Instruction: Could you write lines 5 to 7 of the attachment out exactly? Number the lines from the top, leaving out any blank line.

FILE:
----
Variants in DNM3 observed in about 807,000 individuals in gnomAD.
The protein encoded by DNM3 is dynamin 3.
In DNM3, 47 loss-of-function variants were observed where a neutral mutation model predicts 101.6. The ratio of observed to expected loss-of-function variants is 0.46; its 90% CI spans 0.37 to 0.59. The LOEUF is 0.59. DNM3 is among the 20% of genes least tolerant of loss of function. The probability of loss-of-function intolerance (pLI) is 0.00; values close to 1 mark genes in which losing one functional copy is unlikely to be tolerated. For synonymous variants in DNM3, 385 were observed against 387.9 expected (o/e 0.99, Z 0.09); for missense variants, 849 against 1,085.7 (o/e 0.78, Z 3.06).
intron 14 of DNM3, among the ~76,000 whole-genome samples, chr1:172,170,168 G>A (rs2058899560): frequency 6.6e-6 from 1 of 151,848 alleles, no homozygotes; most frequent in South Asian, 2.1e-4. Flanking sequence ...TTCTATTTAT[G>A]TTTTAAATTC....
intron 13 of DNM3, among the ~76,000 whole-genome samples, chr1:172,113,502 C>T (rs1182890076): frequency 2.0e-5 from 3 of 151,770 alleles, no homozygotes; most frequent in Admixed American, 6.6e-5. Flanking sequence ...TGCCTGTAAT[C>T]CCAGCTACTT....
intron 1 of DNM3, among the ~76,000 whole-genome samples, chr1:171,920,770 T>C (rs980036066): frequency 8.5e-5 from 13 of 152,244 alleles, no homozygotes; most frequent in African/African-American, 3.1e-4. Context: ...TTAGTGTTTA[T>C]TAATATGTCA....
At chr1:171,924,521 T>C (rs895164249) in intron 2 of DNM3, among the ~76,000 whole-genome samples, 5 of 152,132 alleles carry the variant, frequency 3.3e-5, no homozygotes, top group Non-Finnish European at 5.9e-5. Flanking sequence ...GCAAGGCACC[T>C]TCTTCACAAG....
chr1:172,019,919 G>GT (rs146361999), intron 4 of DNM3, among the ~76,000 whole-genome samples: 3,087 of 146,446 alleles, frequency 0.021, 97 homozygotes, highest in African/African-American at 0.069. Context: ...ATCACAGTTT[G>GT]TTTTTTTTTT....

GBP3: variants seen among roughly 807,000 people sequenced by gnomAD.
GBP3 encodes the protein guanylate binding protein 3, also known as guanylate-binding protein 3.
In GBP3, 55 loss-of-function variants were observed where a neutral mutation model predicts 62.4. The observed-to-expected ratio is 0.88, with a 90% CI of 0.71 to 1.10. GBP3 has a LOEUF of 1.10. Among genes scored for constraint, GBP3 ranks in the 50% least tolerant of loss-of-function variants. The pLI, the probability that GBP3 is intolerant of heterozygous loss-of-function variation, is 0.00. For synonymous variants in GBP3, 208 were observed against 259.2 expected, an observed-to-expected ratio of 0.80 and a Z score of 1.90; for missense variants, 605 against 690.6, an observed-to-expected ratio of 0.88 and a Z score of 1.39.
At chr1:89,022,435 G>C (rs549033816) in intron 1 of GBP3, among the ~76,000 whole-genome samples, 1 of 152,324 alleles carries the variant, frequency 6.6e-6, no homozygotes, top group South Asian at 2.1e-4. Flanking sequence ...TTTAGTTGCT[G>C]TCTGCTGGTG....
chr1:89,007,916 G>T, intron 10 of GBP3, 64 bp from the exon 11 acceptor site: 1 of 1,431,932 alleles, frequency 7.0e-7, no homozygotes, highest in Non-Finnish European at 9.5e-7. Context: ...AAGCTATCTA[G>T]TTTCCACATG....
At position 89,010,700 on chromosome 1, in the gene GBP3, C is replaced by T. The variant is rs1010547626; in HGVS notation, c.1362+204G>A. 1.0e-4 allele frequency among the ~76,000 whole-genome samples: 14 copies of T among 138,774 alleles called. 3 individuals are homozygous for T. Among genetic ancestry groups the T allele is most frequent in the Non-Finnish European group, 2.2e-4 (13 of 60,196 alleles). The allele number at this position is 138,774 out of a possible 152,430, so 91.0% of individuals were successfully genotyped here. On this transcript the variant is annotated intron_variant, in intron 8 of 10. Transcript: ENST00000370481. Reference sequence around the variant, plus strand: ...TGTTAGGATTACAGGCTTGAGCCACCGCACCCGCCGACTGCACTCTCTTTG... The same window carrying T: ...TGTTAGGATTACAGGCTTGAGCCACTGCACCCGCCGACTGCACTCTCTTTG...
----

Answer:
intron 13 of DNM3, among the ~76,000 whole-genome samples, chr1:172,113,502 C>T (rs1182890076): frequency 2.0e-5 from 3 of 151,770 alleles, no homozygotes; most frequent in Admixed American, 6.6e-5. Flanking sequence ...TGCCTGTAAT[C>T]CCAGCTACTT....
intron 1 of DNM3, among the ~76,000 whole-genome samples, chr1:171,920,770 T>C (rs980036066): frequency 8.5e-5 from 13 of 152,244 alleles, no homozygotes; most frequent in African/African-American, 3.1e-4. Context: ...TTAGTGTTTA[T>C]TAATATGTCA....
At chr1:171,924,521 T>C (rs895164249) in intron 2 of DNM3, among the ~76,000 whole-genome samples, 5 of 152,132 alleles carry the variant, frequency 3.3e-5, no homozygotes, top group Non-Finnish European at 5.9e-5. Flanking sequence ...GCAAGGCACC[T>C]TCTTCACAAG....